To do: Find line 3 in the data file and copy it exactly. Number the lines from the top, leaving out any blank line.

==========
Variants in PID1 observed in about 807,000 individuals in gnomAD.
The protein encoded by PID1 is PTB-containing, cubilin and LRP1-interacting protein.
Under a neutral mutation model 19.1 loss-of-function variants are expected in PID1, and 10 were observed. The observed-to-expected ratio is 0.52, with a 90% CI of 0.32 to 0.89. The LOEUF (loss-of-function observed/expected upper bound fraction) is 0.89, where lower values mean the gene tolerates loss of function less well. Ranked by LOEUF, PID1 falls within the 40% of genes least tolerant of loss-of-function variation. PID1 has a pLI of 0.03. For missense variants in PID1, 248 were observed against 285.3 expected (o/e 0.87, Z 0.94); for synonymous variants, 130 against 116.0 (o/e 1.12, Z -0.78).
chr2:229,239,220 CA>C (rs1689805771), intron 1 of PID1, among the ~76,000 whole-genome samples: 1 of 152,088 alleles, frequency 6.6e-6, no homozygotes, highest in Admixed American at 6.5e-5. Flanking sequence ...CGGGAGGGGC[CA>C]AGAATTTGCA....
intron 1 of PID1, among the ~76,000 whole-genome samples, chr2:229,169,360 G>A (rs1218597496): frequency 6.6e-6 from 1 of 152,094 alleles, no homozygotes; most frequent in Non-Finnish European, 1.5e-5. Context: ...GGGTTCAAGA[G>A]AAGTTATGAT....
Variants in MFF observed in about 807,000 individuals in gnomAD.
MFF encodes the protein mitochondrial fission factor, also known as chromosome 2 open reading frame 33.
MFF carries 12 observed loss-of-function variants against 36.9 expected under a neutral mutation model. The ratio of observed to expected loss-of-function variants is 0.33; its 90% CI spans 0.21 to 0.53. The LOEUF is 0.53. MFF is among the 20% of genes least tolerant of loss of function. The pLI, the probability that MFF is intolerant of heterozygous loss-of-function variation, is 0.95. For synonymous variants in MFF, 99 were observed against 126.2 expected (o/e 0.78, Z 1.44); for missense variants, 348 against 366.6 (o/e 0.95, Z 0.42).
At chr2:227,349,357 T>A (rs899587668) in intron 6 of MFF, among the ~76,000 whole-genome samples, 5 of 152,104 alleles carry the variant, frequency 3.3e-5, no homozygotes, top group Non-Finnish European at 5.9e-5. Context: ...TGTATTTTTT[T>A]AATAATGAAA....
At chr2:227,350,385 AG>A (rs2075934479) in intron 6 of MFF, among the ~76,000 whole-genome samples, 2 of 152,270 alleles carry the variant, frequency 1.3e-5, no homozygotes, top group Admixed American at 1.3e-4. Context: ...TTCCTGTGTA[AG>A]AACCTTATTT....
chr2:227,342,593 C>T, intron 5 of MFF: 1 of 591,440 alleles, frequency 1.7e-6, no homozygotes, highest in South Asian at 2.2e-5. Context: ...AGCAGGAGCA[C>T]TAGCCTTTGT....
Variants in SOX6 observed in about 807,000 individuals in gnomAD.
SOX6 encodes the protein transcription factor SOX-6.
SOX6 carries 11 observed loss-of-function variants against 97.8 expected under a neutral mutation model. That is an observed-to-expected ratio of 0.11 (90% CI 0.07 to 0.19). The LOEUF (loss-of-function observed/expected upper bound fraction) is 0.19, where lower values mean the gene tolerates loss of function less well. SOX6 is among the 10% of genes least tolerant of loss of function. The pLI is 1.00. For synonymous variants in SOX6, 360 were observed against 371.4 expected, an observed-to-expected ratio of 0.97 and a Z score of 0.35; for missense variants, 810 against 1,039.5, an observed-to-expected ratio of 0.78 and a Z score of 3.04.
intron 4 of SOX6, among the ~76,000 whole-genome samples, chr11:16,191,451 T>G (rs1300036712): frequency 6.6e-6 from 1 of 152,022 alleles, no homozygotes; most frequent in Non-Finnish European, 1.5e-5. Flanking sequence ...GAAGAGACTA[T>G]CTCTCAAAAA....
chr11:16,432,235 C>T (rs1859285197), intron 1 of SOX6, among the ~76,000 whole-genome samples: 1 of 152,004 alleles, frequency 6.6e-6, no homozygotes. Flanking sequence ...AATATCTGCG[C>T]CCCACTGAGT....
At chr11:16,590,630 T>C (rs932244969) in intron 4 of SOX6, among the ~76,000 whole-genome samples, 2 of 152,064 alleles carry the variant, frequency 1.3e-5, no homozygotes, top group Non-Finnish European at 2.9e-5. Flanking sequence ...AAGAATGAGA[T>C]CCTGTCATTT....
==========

Under a neutral mutation model 19.1 loss-of-function variants are expected in PID1, and 10 were observed. The observed-to-expected ratio is 0.52, with a 90% CI of 0.32 to 0.89. The LOEUF (loss-of-function observed/expected upper bound fraction) is 0.89, where lower values mean the gene tolerates loss of function less well. Ranked by LOEUF, PID1 falls within the 40% of genes least tolerant of loss-of-function variation. PID1 has a pLI of 0.03. For missense variants in PID1, 248 were observed against 285.3 expected (o/e 0.87, Z 0.94); for synonymous variants, 130 against 116.0 (o/e 1.12, Z -0.78).